At first, I found myself relatively unenthused by this book and the characters, but the further along I’m reading, the more I’m starting to like it. I’d initially thought that our main character, Easy, was somewhat unremarkable, but then his human interactions with others led me to believe otherwise. He seems to have some sort of charm about him, or perhaps he just leaves and impression, based on other characters’ reactions to him. Overall, he seems cordial, educated, experienced, well liked and even respected. I like that the racism in this book is a lot less subtle in those we’ve read before (i.e.Cotton Comes to Harlem) and that Easy does what he can to defy it. I’ve enjoyed the parts where he’s stuck up for himself, like with his interrogation with the police, when he talked to his old boss, when he was dealing with the little man outside of DeWitt’s office, and so on. As we get even further, I also enjoy the characterization that’s brought on by the retelling of his time in the army. I’ve also just reached the point where he starts talking about “the voice”, which I find very amusing but also intriguing.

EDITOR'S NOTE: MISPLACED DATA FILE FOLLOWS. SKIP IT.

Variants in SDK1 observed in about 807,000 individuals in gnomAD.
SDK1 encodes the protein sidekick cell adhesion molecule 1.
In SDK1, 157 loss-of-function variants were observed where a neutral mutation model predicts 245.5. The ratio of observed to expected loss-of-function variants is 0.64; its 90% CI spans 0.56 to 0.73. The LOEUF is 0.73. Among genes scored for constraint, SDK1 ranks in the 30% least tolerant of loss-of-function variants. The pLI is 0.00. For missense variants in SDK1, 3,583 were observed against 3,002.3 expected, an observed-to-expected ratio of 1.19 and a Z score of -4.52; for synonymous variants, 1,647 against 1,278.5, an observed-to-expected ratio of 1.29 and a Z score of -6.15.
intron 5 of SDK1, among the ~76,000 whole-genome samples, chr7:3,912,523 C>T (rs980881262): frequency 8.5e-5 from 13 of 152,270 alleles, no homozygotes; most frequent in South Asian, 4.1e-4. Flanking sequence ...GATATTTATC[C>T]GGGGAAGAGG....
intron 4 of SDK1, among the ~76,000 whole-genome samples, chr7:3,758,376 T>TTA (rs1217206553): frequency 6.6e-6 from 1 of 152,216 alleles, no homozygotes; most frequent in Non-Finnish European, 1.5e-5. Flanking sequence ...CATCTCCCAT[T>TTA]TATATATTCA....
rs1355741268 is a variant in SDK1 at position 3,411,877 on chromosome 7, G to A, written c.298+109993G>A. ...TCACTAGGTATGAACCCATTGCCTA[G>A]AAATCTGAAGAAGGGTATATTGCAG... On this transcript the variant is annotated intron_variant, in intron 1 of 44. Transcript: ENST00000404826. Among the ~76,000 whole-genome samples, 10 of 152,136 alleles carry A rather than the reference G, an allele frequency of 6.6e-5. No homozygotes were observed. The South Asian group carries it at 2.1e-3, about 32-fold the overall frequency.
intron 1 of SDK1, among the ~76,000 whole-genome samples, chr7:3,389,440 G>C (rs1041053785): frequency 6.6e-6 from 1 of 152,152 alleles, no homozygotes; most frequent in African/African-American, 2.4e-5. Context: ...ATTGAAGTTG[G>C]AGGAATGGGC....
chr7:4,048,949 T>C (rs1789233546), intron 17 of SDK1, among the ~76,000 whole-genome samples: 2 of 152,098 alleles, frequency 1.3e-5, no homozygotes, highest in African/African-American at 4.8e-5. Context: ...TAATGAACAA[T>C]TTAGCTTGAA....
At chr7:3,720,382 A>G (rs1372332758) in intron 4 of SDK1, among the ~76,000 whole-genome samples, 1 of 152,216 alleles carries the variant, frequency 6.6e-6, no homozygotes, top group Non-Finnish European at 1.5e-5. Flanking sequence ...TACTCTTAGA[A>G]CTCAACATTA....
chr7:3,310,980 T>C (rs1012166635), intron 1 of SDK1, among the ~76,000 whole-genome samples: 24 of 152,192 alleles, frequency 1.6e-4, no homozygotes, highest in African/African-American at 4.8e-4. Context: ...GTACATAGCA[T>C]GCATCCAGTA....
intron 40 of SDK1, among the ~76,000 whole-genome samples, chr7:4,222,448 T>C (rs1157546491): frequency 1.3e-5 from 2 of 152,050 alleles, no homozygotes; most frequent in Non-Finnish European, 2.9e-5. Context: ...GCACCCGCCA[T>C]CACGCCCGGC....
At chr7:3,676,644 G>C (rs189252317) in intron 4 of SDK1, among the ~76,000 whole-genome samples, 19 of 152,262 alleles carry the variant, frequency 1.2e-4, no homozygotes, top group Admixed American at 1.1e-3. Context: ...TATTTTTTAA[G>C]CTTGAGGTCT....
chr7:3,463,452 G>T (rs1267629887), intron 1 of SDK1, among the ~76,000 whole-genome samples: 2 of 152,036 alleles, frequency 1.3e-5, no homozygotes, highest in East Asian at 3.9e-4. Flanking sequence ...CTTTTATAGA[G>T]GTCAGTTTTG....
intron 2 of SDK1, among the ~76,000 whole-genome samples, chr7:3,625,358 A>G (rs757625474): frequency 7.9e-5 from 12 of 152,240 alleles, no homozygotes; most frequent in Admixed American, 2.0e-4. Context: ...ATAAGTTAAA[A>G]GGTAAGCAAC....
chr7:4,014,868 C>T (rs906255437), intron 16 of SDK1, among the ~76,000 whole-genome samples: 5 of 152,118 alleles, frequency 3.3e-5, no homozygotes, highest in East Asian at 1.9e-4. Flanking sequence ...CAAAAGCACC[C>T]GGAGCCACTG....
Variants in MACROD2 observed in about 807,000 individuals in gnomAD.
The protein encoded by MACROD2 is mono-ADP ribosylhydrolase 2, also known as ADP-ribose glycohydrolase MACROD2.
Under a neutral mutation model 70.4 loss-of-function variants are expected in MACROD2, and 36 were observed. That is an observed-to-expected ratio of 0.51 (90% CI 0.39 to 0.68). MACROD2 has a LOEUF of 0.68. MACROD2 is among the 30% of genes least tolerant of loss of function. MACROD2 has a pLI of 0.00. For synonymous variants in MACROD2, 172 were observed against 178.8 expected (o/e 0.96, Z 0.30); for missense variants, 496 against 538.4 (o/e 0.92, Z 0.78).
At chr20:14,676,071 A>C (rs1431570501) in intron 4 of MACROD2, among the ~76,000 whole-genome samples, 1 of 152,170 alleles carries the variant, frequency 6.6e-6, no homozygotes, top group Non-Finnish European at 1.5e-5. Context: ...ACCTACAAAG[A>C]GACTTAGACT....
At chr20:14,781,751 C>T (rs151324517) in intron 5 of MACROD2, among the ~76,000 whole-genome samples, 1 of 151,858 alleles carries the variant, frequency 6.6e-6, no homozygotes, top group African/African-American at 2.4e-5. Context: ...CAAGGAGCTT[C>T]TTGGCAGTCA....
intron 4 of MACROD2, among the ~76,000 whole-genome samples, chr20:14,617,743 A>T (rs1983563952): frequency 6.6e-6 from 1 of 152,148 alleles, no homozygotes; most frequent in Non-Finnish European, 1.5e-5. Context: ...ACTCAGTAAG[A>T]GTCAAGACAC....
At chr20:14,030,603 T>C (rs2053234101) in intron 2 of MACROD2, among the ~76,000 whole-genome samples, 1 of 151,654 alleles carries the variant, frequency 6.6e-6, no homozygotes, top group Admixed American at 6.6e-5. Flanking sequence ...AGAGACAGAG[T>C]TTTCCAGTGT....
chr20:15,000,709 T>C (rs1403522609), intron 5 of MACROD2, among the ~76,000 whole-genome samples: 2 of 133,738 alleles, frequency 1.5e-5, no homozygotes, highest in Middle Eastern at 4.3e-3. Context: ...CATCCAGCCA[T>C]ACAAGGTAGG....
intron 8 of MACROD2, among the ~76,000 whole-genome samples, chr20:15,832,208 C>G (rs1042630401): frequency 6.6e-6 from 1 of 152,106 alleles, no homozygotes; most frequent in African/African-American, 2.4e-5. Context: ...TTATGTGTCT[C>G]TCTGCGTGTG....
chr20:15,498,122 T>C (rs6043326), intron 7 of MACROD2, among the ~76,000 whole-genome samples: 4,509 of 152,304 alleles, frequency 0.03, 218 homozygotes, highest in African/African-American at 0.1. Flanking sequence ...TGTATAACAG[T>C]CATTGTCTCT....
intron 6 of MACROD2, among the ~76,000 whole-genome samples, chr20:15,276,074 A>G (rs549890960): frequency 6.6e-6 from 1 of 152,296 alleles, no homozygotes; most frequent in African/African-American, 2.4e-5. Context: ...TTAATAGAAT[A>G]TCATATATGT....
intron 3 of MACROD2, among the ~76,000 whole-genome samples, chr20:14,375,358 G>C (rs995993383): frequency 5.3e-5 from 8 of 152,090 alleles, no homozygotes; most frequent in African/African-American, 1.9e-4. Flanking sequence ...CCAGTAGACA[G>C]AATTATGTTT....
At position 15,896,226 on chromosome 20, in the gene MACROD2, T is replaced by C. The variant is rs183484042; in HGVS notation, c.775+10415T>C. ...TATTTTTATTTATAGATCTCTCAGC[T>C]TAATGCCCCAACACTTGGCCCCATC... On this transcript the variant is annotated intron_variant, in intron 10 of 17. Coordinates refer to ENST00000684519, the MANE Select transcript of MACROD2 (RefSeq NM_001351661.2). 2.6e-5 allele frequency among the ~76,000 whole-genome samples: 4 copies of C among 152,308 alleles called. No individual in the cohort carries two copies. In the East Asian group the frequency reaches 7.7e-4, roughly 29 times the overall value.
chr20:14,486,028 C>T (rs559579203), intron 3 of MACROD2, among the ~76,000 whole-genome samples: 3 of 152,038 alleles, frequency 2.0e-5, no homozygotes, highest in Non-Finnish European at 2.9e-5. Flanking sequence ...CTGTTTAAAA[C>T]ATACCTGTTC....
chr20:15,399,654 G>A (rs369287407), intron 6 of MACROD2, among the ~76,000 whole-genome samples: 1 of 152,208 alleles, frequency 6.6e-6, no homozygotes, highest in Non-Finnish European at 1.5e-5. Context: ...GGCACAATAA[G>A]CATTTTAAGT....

I liked when we finally met Daphne also because I thought that that was going to be the majority of the book. I like how the plot is getting slightly more twisted, but the various crimes, such as murders, aren’t all graphic, violent and in your face.This seems like a smarter, more practical and believable novel with a concise story line and a plot that’s easy to follow. I enjoy this more than the convoluted sequence of events in past books like Red Harvest. I also enjoyed Daphne’s interaction with Easy and am interested to see where that goes. Overall, the book has been a surprisingly pleasant read thus far and I’m excited to see where it ends up.